The giants in the midstream pipeline sector are bellwether Kinder Morgan, Inc. (NYSE:KMI) and limited partnership Enterprise Products Partners LP (NYSE:EPD). However, relatively tiny Phillips 66 Partners (NYSE:PSXP) and its 5.6% yield may be the better deal for investors today. Here's why.
Background on the business
Phillips 66 Partners went public in 2013. The purpose of the partnership was, essentially, to buy midstream assets from independent refiner and general partner Phillips 66 (NYSE:PSX). This allowed parent Phillips 66 the opportunity to raise cash it could invest in its business while retaining control of vital assets, since it effectively controls the partnership. Phillips 66 Partners and its unitholders, meanwhile, benefit from a supportive parent that is willing to grow the partnership by selling it additional assets. Those assets, in turn, fuel distribution growth over time.
Phillips 66 Partners' portfolio of assets is largely fee-based, providing the partnership with a reliable income stream. On that score, it's a fairly safe business. That said, parent Phillips 66 is its largest customer, which leads to notable concentration risk. However, this has to be balanced against the fact that the relationship provides Phillips 66 Partners a willing counterpart for acquisitions, even though the refiner isn't likely to let go of its most rewarding midstream assets.
Neither Enterprise nor Kinder Morgan have parents willing to sell (or drop down, in industry lingo) them assets. They have to build assets, which on the positive side usually means higher rates of return, or buy from unaffiliated third parties. The problem is that both construction and acquisitions from third parties are generally more difficult and time-consuming processes.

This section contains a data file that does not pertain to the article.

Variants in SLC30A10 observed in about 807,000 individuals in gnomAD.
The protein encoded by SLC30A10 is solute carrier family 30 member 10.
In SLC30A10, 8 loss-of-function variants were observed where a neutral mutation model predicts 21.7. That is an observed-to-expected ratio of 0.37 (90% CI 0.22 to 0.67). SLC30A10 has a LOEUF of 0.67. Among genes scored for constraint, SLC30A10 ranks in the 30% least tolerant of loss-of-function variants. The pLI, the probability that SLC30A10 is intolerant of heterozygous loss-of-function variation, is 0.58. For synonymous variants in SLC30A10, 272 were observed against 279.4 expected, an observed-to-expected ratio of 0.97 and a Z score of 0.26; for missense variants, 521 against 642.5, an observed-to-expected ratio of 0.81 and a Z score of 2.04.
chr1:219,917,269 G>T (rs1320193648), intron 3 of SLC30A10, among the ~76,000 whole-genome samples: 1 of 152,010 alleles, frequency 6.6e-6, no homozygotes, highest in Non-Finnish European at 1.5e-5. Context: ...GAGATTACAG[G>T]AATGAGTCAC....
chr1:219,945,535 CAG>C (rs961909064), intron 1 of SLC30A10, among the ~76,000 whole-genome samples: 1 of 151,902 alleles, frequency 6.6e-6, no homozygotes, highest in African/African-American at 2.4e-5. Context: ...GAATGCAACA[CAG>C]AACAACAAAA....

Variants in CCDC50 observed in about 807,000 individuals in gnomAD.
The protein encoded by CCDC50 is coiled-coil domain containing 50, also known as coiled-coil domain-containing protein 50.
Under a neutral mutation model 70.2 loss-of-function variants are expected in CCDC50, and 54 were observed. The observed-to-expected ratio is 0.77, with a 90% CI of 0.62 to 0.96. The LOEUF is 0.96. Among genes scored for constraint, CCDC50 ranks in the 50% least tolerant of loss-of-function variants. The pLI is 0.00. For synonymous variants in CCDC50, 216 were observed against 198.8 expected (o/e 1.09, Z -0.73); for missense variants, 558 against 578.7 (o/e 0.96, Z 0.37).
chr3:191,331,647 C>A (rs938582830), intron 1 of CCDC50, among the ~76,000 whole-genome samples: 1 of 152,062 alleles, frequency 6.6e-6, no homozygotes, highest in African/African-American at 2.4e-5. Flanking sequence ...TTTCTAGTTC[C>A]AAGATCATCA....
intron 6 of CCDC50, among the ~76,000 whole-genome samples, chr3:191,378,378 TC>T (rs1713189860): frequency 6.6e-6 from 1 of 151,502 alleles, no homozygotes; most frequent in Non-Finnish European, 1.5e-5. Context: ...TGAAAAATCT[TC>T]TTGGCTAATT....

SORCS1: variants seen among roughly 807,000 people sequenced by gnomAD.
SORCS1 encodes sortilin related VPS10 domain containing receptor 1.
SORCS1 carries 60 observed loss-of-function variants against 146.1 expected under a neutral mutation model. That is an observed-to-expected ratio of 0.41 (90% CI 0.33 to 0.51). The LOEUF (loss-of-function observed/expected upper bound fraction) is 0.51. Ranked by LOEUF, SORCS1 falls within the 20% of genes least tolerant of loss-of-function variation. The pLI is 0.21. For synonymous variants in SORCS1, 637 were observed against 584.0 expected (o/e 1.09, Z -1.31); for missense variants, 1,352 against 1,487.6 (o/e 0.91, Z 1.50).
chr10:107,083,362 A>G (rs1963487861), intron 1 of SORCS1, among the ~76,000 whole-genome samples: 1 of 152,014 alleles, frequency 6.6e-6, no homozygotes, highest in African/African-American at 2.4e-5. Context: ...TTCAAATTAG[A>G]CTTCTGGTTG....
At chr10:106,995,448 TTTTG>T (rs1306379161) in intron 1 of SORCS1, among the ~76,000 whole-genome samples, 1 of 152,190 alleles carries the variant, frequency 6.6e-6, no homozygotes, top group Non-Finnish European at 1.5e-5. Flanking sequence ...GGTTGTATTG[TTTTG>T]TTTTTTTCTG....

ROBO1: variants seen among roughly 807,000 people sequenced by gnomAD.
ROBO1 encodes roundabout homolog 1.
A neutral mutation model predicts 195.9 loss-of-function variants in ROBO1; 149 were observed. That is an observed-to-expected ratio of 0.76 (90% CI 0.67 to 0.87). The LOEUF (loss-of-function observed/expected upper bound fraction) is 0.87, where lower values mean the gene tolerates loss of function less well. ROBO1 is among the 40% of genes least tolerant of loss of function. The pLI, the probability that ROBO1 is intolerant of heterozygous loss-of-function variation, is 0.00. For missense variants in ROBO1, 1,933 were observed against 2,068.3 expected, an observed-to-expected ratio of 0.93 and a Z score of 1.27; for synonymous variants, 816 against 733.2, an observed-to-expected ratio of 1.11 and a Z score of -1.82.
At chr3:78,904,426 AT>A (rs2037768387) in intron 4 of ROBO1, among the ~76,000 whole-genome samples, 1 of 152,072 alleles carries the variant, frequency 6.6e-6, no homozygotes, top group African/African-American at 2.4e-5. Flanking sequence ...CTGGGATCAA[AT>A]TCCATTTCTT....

That said, Phillips 66 Partners also builds from scratch. For example, it recently started construction on the Gray Oak pipeline in the Permian Basin. While dropdowns have historically been the largest growth engine, the partnership is currently balancing organic growth and acquisitions to meet its financial goals. During the first-quarter conference call, CFO Kevin Mitchell suggested that dropdowns through the rest of 2018 would only be inked if internal growth projects fell short of expectations. Parent Phillips 66 is, clearly, still providing important support, just on an as-needed basis as the partnership shifts to a new stage in its growth plan.
Note that general partner Phillips 66 is entitled to incentive payments as Phillips 66 Partners' distribution grows, which increases the partnership's cost of capital. Many partnerships have eliminated these incentives for this very reason. However, at this point, the incentives appear to be aligning the interests of Phillips 66 Partners' unitholders and Phillips 66, with the partnership specifically focused on rapidly growing its midstream business so it can quickly increase its distribution. That growth, meanwhile, hasn't come at the expense of its balance sheet (more on that below).